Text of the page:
K Street Files: Patent Push

Posted February 24, 2009 at 6:32pm

Correction Appended

The Coalition for Patent Fairness is upping the ante, hiring a new public relations team and reinvigorating its lobbying efforts to breathe life into the long-standing patent reform debate.

[IMGCAP(1)]The coalition brought on BGR Public Relations in December to push its message on Capitol Hill and delivered a letter Tuesday to Senators, House leadership and the House Judiciary Committee, urging Congress to enact comprehensive patent reform this year.

The coalition is pushing for changes to current patent law that would bring it more in line with the rest of the world, in particular moving to a first-to-file system rather than a first-to-invent system in determining who becomes a patent holder.

The coalition is composed of 15-member technology companies, including Google, Apple and Microsoft, but the letter was also signed by 93 other companies and trade associations, ranging from Citigroup and eBay to the Financial Services Roundtable and Business Software Alliance.

The coalition expects Sen. Patrick Leahy (D-Vt.) to take action soon.

Patent reform stalled in the Senate last year amid opposition from Sen. Arlen Specter (R-Pa.) and groups such as the Biotechnology Industry Organization over how patent infringement damages would be handled.

“We expect to have more votes in the Senate this year, and are encouraged that President Obama’s technology agenda singles out patent reform as a key to improving innovation,” coalition spokesman David DiMartino said.

Calling ‘Joe the Plumber.’ The business community is coming for you.

The Business Industry Political Action Committee declared the current generation of voters the “fix-it generation” at a press briefing Tuesday and said the business community is best positioned to reach them.

“We believe the tipping point of business political participation is at hand,” said Greg Casey, the business group’s president and chief executive officer, in releasing the 2009-2010 Outline for Prosperity, the group’s annual agenda for political action.

Grass-roots activities among the business community will surpass those of organized labor for the first time in 2010, Casey predicted, undoubtedly shaking up a few Congressional races and upping the ante for their neighbors across the street, the AFL-CIO.

Casey said the technology revolution sparked by the Obama campaign opens the door for the business community to use its natural affinity to reach employees with political information when, where and how they want it.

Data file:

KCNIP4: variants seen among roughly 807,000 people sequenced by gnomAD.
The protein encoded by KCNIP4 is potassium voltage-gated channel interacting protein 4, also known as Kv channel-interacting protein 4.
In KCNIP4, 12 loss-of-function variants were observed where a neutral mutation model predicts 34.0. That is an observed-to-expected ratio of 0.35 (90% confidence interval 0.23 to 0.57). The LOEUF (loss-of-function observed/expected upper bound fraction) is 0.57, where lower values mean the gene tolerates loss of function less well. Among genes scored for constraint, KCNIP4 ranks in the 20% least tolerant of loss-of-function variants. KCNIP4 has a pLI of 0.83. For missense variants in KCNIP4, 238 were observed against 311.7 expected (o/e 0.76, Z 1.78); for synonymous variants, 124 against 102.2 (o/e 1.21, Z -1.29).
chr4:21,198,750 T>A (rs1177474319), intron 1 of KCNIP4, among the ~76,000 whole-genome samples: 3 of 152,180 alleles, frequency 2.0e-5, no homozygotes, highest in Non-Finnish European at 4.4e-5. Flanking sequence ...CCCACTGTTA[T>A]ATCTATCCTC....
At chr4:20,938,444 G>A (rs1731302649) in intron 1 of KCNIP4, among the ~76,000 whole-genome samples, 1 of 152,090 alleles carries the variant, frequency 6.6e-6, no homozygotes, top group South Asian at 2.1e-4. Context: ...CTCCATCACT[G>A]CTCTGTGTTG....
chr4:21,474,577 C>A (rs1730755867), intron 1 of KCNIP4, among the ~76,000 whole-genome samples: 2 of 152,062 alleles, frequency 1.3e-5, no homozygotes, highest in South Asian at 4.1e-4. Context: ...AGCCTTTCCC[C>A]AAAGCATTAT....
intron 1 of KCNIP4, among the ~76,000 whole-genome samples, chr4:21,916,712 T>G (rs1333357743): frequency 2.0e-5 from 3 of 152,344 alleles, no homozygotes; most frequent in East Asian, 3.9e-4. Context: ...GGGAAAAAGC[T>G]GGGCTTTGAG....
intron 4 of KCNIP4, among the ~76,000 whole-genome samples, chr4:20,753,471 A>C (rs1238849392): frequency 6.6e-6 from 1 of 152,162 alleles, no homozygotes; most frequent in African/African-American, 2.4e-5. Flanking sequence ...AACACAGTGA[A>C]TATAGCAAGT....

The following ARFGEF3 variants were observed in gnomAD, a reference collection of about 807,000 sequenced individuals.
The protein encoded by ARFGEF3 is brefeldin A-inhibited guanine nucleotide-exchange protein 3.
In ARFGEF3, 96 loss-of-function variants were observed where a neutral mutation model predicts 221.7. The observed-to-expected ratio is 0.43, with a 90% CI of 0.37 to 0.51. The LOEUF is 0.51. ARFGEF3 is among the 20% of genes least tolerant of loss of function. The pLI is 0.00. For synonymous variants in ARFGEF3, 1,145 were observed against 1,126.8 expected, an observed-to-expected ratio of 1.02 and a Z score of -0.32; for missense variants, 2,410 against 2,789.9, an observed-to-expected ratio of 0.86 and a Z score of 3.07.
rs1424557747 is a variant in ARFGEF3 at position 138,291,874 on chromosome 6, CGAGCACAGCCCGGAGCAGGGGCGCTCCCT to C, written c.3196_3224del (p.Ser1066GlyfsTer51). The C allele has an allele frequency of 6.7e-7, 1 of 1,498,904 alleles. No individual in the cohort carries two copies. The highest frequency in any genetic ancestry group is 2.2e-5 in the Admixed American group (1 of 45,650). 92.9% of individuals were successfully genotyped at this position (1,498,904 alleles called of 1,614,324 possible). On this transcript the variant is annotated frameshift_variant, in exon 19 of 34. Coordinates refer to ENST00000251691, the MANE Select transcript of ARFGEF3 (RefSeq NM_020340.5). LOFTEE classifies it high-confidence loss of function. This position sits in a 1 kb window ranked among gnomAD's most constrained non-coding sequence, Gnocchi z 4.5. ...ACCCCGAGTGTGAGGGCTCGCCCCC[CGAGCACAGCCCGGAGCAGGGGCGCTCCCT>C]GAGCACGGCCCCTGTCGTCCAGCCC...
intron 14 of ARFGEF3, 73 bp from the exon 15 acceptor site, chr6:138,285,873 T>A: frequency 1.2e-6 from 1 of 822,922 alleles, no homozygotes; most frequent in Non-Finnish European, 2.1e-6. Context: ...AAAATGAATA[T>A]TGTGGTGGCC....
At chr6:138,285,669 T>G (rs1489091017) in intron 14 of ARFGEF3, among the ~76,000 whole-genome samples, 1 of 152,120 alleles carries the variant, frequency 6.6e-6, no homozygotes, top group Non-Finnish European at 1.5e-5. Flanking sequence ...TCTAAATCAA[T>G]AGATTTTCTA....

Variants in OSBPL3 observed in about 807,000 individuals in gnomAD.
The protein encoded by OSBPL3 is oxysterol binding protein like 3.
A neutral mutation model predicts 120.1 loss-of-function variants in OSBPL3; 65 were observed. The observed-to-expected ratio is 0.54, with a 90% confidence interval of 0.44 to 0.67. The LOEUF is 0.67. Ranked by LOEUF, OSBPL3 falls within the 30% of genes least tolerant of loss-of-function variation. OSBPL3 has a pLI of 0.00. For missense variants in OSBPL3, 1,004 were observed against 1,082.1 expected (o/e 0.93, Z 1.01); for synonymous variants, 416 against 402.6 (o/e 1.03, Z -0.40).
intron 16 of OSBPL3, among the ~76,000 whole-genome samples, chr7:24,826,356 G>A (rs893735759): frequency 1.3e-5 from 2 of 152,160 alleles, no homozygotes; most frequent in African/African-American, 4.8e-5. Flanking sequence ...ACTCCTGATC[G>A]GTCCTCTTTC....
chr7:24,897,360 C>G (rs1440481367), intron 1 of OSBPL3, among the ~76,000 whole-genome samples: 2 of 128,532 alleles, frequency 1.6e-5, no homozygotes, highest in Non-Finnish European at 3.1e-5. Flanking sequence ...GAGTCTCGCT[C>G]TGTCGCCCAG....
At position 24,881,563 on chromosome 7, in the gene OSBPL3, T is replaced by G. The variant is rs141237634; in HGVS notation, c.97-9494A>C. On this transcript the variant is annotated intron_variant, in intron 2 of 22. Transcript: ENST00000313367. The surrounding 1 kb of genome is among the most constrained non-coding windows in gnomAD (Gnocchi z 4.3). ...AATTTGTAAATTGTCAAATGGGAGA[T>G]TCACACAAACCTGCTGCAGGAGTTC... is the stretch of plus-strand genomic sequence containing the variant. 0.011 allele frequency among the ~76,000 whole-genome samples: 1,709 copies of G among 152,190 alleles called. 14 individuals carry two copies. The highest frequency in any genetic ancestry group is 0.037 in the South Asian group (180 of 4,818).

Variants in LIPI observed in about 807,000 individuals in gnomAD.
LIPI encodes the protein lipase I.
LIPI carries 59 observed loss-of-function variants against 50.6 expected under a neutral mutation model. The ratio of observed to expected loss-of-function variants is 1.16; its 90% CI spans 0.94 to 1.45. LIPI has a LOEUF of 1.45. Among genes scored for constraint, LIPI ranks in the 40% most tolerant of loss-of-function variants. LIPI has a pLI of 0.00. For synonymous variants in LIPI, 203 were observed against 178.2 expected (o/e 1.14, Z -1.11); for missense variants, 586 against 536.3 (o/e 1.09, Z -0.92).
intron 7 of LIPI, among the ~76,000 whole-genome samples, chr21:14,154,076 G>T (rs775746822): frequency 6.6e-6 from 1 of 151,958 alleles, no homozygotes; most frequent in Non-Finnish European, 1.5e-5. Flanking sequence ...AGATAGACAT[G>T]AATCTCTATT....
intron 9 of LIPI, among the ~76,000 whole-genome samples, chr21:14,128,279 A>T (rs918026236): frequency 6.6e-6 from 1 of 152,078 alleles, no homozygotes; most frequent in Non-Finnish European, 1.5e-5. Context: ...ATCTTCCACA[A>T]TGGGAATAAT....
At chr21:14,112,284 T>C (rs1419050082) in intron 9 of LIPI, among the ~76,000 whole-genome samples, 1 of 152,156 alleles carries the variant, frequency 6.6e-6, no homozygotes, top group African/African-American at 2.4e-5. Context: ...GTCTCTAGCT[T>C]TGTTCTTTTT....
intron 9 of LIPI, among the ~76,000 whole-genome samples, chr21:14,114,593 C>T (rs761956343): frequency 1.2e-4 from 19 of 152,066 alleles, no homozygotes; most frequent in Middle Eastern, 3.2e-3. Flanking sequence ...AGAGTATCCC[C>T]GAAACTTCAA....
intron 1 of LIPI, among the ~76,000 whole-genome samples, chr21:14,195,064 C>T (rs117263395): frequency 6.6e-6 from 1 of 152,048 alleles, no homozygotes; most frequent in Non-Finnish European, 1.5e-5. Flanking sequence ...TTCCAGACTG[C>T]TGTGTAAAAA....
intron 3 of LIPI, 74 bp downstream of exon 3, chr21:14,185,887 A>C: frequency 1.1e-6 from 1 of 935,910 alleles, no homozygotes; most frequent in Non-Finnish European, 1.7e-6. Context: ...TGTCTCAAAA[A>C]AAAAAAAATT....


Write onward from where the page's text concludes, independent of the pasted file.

A post-election survey of BIPAC member company employees found the credibility of employers as sources of political information has increased and will continue to grow in shaky economic times as employees turn to their employers for reliable information.

“The fix-it revolution is coming,” he said. “The issues of primary importance to voters today are our issues.”

Circling the Wagons. A prominent credit agency is staffing up downtown to play defense on Capitol Hill as the housing sector continues to nose-dive.

New York-based Standard & Poor’s, which is owned by McGraw-Hill Cos. Inc., last month hired former Senate Banking, Housing and Urban Affairs Committee lawyer Doug Nappi, one half of the firm Nappi and Hoppe.

McGraw-Hill spokesman Damon Leavell declined to discuss specifics of the company’s lobbying strategy, other than that the firm is “going to work on financial services legislation dealing with credit rating agencies.” Leavell also confirmed that, to date, the credit ratings agency had been using the parent company’s in-house team.

Popular ratings firm Moody’s also contracts with an outside firm, Akin Gump Strauss Hauer & Feld, an arrangement dating back to 2002, according to disclosure forms filed with the Secretary of the Senate. A.M. Best, another ratings firm, terminated its contract with Wiley Rein last spring, Senate filings show, and has not hired a new firm.

Waiting for a Miracle. The Innocence Project, a Yeshiva University-affiliated group that helps free wrongfully convicted prisoners, will soon be knocking on lawmakers’ doors, toting new National Science Foundation research that suggests “serious deficiencies in the nation’s forensic science system.”

“We could get very involved,” the nonprofit group’s policy director, Stephen Saloom, said this week.

Executives from the group registered as federal lobbyists on Feb. 17, according to Senate lobbying records.

Saloom said the group also plans to press lawmakers on the reauthorization of 2004’s Justice for All Act, which included protections for crime victims and improvements to the fragmented — and backlogged — DNA sample database, according to an online description by the federal Office for Victims of Crime.

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Correction: Feb. 27, 2009

The article incorrectly reported that Standard & Poor’s uses Pyle & Associates for its outside counsel. It does not.